5.       How would you characterize Bemberg’s point of view regarding the events shown in the film?

6.       What connection is there between the film’s portrayal of these historical events and the director’s point of view concerning them?

7.       What aspects of the film might have changed if the Bemberg’s view of the events had been different?

8.       How are the cinematographic techniques and presentation of the film related to the historical context of the events portrayed?

9.       How accurately is the society of the time portrayed, especially with regard to the role of government and the structure of the family?

10.   What are the advantages and disadvantages of using this film to represent this period in Argentina?

Section 3: Media analysis  

Still analysis

Social Horror

This scene is an overhead shot of the social reaction to the repressive tactics of Rosas.  Camila must pass by the decapitated head of the bookseller so that she can enter church and plan her wedding.   The devastation of Camila and her family is clear through the lighting.  Artificial lighting is used on them to emphasize their actions and highlight them from the rest of the crowd. The use of soft focus also distinguishes them from the crowd. The colors of the townspeople contrast the dark of the soldiers, especially focusing on the woman with the bloody cloth.  However, it is important to see the whole crowd, which is why the frame is a long shot.  The camera is also at a slight right angle so you can see the townspeople better.  This scene is shown in an “open” frame, which is noticeable by all the action that appears to be going on.  We get the sense that we are NOT seeing the whole picture. This scene emphasizes the upper classes disregard for the social crisis of Rosas and foreshadows Camila’s tragic end.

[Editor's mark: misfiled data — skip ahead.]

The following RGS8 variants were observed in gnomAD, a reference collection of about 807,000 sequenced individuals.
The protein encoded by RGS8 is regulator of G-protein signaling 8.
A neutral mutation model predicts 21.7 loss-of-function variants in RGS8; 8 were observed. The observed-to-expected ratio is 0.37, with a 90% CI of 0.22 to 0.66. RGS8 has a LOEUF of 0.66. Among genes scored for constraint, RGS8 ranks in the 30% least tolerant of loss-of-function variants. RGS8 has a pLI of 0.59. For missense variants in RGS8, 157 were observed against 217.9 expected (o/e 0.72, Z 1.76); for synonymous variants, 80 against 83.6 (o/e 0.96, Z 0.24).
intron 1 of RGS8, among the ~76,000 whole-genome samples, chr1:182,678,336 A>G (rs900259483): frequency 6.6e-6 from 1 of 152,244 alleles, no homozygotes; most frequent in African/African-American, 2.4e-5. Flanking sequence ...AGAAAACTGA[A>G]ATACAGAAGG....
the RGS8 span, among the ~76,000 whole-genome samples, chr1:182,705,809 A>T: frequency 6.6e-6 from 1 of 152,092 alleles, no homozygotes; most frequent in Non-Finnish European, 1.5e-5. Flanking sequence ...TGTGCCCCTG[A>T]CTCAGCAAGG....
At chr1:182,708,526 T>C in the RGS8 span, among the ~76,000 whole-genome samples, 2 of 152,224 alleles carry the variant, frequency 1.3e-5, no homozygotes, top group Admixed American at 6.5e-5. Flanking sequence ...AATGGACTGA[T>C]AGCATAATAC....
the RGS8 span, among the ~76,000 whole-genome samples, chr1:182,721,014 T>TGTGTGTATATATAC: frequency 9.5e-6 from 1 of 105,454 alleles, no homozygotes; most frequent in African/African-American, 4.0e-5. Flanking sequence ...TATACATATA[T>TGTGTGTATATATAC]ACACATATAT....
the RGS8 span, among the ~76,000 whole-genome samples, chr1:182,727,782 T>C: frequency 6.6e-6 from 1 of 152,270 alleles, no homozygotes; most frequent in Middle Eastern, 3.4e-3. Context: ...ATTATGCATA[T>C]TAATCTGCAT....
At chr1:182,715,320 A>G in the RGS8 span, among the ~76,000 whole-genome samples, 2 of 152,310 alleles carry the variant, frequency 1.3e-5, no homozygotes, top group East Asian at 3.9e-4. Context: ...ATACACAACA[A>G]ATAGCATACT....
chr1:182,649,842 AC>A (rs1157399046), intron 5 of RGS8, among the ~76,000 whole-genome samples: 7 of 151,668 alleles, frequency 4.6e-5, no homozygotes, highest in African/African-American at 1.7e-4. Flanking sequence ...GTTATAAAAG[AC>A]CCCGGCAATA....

Camila Trapped